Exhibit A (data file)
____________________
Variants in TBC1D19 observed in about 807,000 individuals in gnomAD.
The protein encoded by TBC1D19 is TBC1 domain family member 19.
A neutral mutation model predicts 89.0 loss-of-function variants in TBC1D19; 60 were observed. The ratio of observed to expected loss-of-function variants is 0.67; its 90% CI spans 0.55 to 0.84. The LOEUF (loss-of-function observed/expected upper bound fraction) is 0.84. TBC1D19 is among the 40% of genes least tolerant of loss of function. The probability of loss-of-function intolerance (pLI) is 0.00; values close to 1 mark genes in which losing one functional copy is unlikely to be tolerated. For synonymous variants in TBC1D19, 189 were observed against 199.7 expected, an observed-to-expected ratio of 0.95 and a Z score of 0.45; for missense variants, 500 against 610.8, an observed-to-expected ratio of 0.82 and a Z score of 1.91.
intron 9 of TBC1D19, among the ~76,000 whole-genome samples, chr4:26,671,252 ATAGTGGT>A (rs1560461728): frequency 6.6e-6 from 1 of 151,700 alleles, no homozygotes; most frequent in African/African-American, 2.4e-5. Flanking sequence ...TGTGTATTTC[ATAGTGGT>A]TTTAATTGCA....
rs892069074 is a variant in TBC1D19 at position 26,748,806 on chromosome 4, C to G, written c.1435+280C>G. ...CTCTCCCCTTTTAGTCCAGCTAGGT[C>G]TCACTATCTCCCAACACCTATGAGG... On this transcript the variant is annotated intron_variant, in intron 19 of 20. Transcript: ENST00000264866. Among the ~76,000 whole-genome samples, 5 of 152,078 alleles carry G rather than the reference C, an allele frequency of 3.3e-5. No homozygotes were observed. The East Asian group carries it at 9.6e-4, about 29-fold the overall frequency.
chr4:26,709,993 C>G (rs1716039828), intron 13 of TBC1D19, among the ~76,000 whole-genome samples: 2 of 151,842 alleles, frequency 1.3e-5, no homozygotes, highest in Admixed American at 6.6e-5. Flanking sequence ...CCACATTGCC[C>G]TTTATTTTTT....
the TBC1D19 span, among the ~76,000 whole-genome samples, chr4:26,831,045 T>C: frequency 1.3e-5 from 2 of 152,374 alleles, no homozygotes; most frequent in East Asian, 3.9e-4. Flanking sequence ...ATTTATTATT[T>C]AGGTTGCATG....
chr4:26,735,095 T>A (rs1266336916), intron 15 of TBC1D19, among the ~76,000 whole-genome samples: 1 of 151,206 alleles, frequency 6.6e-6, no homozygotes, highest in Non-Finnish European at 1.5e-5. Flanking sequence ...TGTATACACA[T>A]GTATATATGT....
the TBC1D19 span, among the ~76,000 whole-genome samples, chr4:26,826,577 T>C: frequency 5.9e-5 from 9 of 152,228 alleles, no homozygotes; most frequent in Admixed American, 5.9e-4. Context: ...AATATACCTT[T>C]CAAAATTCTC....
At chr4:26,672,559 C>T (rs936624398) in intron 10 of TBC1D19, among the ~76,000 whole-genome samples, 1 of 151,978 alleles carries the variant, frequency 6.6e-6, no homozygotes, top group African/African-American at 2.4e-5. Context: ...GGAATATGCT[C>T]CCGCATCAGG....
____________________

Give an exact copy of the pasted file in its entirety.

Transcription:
Variants in TBC1D19 observed in about 807,000 individuals in gnomAD.
The protein encoded by TBC1D19 is TBC1 domain family member 19.
A neutral mutation model predicts 89.0 loss-of-function variants in TBC1D19; 60 were observed. The ratio of observed to expected loss-of-function variants is 0.67; its 90% CI spans 0.55 to 0.84. The LOEUF (loss-of-function observed/expected upper bound fraction) is 0.84. TBC1D19 is among the 40% of genes least tolerant of loss of function. The probability of loss-of-function intolerance (pLI) is 0.00; values close to 1 mark genes in which losing one functional copy is unlikely to be tolerated. For synonymous variants in TBC1D19, 189 were observed against 199.7 expected, an observed-to-expected ratio of 0.95 and a Z score of 0.45; for missense variants, 500 against 610.8, an observed-to-expected ratio of 0.82 and a Z score of 1.91.
intron 9 of TBC1D19, among the ~76,000 whole-genome samples, chr4:26,671,252 ATAGTGGT>A (rs1560461728): frequency 6.6e-6 from 1 of 151,700 alleles, no homozygotes; most frequent in African/African-American, 2.4e-5. Flanking sequence ...TGTGTATTTC[ATAGTGGT>A]TTTAATTGCA....
rs892069074 is a variant in TBC1D19 at position 26,748,806 on chromosome 4, C to G, written c.1435+280C>G. ...CTCTCCCCTTTTAGTCCAGCTAGGT[C>G]TCACTATCTCCCAACACCTATGAGG... On this transcript the variant is annotated intron_variant, in intron 19 of 20. Transcript: ENST00000264866. Among the ~76,000 whole-genome samples, 5 of 152,078 alleles carry G rather than the reference C, an allele frequency of 3.3e-5. No homozygotes were observed. The East Asian group carries it at 9.6e-4, about 29-fold the overall frequency.
chr4:26,709,993 C>G (rs1716039828), intron 13 of TBC1D19, among the ~76,000 whole-genome samples: 2 of 151,842 alleles, frequency 1.3e-5, no homozygotes, highest in Admixed American at 6.6e-5. Flanking sequence ...CCACATTGCC[C>G]TTTATTTTTT....
the TBC1D19 span, among the ~76,000 whole-genome samples, chr4:26,831,045 T>C: frequency 1.3e-5 from 2 of 152,374 alleles, no homozygotes; most frequent in East Asian, 3.9e-4. Flanking sequence ...ATTTATTATT[T>C]AGGTTGCATG....
chr4:26,735,095 T>A (rs1266336916), intron 15 of TBC1D19, among the ~76,000 whole-genome samples: 1 of 151,206 alleles, frequency 6.6e-6, no homozygotes, highest in Non-Finnish European at 1.5e-5. Flanking sequence ...TGTATACACA[T>A]GTATATATGT....
the TBC1D19 span, among the ~76,000 whole-genome samples, chr4:26,826,577 T>C: frequency 5.9e-5 from 9 of 152,228 alleles, no homozygotes; most frequent in Admixed American, 5.9e-4. Context: ...AATATACCTT[T>C]CAAAATTCTC....
At chr4:26,672,559 C>T (rs936624398) in intron 10 of TBC1D19, among the ~76,000 whole-genome samples, 1 of 151,978 alleles carries the variant, frequency 6.6e-6, no homozygotes, top group African/African-American at 2.4e-5. Context: ...GGAATATGCT[C>T]CCGCATCAGG....